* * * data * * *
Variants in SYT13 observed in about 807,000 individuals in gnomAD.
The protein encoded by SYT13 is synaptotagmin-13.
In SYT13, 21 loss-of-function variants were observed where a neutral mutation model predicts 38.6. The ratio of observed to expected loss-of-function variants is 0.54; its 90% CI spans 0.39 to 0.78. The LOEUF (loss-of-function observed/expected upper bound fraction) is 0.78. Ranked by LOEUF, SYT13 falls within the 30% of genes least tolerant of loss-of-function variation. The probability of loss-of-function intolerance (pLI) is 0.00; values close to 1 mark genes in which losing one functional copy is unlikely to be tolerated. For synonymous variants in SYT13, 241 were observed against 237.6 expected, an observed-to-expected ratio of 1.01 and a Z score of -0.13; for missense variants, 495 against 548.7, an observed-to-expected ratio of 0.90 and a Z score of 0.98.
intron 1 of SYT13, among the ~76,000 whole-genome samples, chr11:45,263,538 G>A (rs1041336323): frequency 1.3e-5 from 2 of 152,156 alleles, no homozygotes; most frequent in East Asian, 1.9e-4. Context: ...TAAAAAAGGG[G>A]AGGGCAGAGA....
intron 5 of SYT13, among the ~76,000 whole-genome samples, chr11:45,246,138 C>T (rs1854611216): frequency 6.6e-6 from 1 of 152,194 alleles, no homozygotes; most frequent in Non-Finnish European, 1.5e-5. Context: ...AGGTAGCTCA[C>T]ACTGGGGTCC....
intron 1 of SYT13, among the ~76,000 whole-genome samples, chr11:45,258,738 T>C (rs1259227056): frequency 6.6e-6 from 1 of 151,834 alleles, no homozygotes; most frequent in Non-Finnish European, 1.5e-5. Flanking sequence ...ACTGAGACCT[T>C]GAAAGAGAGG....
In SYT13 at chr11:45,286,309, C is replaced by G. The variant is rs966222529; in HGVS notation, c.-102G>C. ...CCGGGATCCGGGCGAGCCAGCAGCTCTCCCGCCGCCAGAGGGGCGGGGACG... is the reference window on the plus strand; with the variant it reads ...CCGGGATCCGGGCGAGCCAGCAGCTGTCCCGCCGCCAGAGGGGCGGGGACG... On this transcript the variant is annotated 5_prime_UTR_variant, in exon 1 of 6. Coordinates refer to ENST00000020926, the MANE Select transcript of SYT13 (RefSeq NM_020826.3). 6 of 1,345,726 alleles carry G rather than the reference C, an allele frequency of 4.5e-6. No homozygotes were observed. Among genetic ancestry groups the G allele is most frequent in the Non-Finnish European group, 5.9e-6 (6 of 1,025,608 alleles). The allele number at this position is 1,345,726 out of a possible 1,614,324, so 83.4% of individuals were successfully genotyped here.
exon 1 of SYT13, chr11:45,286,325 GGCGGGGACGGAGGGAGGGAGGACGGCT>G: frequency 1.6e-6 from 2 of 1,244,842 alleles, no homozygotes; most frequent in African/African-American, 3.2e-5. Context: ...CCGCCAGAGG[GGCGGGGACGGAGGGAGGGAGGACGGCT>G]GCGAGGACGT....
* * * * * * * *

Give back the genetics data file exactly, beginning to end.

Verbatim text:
Variants in SYT13 observed in about 807,000 individuals in gnomAD.
The protein encoded by SYT13 is synaptotagmin-13.
In SYT13, 21 loss-of-function variants were observed where a neutral mutation model predicts 38.6. The ratio of observed to expected loss-of-function variants is 0.54; its 90% CI spans 0.39 to 0.78. The LOEUF (loss-of-function observed/expected upper bound fraction) is 0.78. Ranked by LOEUF, SYT13 falls within the 30% of genes least tolerant of loss-of-function variation. The probability of loss-of-function intolerance (pLI) is 0.00; values close to 1 mark genes in which losing one functional copy is unlikely to be tolerated. For synonymous variants in SYT13, 241 were observed against 237.6 expected, an observed-to-expected ratio of 1.01 and a Z score of -0.13; for missense variants, 495 against 548.7, an observed-to-expected ratio of 0.90 and a Z score of 0.98.
intron 1 of SYT13, among the ~76,000 whole-genome samples, chr11:45,263,538 G>A (rs1041336323): frequency 1.3e-5 from 2 of 152,156 alleles, no homozygotes; most frequent in East Asian, 1.9e-4. Context: ...TAAAAAAGGG[G>A]AGGGCAGAGA....
intron 5 of SYT13, among the ~76,000 whole-genome samples, chr11:45,246,138 C>T (rs1854611216): frequency 6.6e-6 from 1 of 152,194 alleles, no homozygotes; most frequent in Non-Finnish European, 1.5e-5. Context: ...AGGTAGCTCA[C>T]ACTGGGGTCC....
intron 1 of SYT13, among the ~76,000 whole-genome samples, chr11:45,258,738 T>C (rs1259227056): frequency 6.6e-6 from 1 of 151,834 alleles, no homozygotes; most frequent in Non-Finnish European, 1.5e-5. Flanking sequence ...ACTGAGACCT[T>C]GAAAGAGAGG....
In SYT13 at chr11:45,286,309, C is replaced by G. The variant is rs966222529; in HGVS notation, c.-102G>C. ...CCGGGATCCGGGCGAGCCAGCAGCTCTCCCGCCGCCAGAGGGGCGGGGACG... is the reference window on the plus strand; with the variant it reads ...CCGGGATCCGGGCGAGCCAGCAGCTGTCCCGCCGCCAGAGGGGCGGGGACG... On this transcript the variant is annotated 5_prime_UTR_variant, in exon 1 of 6. Coordinates refer to ENST00000020926, the MANE Select transcript of SYT13 (RefSeq NM_020826.3). 6 of 1,345,726 alleles carry G rather than the reference C, an allele frequency of 4.5e-6. No homozygotes were observed. Among genetic ancestry groups the G allele is most frequent in the Non-Finnish European group, 5.9e-6 (6 of 1,025,608 alleles). The allele number at this position is 1,345,726 out of a possible 1,614,324, so 83.4% of individuals were successfully genotyped here.
exon 1 of SYT13, chr11:45,286,325 GGCGGGGACGGAGGGAGGGAGGACGGCT>G: frequency 1.6e-6 from 2 of 1,244,842 alleles, no homozygotes; most frequent in African/African-American, 3.2e-5. Context: ...CCGCCAGAGG[GGCGGGGACGGAGGGAGGGAGGACGGCT>G]GCGAGGACGT....